In this ongoing series introducing you to members of the property development team, today we’ll look at the role of the Land Surveyor.
They’re one of the first consultants on site, because even before any architectural work begins to draft town planning drawings, you will need to engage a land surveyor to prepare a survey plan of your land.
They will measure the land, conduct a re-establishment survey and confirm that the existing boundaries of your property those that are shown on the title.
This means you’ll need to give provide them with a copy of the title to your property.
For town planning purposes the surveyor will also undertake a feature survey of the surrounding properties, as this is required for many town planning applications.
They will also determine the levels of your property to AHD (Australian Height Datum).
If you’ve bought adjoining blocks of land, your surveyor may need to consolidate a number of titles into one title for you.
The surveyor then may return at the commencement of the construction phase of your project to peg out the land so the builder knows the exact boundaries and they may even set out the dimensions of the new dwellings on the land to assist the builder.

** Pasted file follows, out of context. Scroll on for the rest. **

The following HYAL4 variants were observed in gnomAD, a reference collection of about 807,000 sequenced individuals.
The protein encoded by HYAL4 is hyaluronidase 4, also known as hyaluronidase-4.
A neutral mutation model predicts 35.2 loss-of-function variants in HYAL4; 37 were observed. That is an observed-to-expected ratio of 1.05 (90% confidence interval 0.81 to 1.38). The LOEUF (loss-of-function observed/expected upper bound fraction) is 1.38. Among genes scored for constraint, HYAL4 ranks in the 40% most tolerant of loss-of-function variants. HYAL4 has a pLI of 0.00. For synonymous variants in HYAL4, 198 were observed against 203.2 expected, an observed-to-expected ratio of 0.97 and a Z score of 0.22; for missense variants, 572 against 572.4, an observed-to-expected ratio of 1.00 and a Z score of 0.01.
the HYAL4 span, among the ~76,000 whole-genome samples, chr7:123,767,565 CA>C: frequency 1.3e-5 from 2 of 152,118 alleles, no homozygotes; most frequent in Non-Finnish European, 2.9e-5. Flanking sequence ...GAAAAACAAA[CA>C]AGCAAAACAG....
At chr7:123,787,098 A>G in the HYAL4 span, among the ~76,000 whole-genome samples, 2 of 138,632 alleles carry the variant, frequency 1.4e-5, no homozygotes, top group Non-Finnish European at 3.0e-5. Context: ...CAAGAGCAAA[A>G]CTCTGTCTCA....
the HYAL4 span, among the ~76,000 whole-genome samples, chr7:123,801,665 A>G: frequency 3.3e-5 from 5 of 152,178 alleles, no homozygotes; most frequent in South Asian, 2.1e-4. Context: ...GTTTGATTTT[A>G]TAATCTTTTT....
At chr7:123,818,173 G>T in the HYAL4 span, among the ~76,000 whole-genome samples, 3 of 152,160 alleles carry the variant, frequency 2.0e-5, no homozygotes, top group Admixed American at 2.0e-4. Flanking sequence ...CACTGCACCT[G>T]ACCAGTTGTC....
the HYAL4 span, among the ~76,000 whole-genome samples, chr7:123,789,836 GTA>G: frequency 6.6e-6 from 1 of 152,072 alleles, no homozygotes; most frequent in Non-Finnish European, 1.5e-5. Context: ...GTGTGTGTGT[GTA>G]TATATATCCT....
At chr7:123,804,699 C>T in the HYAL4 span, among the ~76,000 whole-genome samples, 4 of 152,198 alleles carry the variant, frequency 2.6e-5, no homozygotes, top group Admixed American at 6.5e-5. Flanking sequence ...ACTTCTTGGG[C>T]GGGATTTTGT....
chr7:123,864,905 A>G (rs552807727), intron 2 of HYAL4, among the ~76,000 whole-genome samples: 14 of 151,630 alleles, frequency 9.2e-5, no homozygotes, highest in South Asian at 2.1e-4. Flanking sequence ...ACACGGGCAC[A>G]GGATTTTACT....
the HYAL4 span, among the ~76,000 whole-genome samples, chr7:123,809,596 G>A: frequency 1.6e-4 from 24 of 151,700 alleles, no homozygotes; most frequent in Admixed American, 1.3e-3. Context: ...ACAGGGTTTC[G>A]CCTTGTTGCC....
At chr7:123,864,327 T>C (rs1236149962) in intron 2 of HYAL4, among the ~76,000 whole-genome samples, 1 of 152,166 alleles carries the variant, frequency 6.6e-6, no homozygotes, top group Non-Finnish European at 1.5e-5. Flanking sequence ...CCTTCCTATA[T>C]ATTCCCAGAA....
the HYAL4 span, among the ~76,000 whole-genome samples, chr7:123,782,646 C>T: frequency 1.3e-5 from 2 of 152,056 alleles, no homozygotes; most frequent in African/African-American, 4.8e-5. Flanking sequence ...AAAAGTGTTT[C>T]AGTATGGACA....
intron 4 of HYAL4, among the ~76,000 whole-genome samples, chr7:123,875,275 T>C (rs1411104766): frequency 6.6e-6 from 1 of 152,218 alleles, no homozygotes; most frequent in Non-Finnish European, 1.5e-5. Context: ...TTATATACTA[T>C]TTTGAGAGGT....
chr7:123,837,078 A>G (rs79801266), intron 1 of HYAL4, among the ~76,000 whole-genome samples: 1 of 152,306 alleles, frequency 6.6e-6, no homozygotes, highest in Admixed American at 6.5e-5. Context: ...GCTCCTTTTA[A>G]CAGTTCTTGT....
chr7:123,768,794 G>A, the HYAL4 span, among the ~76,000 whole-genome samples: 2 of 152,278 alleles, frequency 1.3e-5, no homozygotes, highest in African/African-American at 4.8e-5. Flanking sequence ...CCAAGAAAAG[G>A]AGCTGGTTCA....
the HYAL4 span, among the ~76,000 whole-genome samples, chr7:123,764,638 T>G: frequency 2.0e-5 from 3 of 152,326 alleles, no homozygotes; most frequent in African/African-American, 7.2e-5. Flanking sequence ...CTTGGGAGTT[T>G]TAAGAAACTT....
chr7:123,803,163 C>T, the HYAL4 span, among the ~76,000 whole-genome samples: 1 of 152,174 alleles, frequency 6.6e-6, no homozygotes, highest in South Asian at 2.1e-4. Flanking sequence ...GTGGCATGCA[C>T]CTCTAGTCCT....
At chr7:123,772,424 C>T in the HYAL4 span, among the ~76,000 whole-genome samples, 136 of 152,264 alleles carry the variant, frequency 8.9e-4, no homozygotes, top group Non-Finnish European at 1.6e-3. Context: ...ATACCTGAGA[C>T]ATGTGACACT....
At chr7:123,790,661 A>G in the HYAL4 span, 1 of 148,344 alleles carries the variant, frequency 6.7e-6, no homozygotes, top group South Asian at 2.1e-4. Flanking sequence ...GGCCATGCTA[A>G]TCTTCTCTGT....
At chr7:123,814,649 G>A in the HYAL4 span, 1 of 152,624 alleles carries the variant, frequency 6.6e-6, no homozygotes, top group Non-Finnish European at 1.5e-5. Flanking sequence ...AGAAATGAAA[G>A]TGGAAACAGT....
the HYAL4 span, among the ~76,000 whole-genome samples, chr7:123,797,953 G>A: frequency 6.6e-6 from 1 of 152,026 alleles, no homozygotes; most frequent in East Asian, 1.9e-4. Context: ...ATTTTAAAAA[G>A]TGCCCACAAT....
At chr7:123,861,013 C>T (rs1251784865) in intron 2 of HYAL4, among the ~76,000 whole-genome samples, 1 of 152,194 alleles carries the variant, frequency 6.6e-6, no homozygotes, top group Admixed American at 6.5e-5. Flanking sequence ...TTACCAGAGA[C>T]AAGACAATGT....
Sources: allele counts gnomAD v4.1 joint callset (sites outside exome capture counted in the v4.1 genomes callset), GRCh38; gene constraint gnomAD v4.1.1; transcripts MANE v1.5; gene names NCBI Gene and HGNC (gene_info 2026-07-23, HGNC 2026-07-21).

Once the development is underway, the surveyor draws up a plan of subdivision.
This will require council approval and will eventually be lodged with the titles office to divide your existing one title into multiple titles, one for each property plus some common area if necessary at the completion of your development project.
Just to make things clear – a “land surveyor” is a different consultant to a “quantity surveyor” – a role we’ll discuss in my next blog.
You may like to read: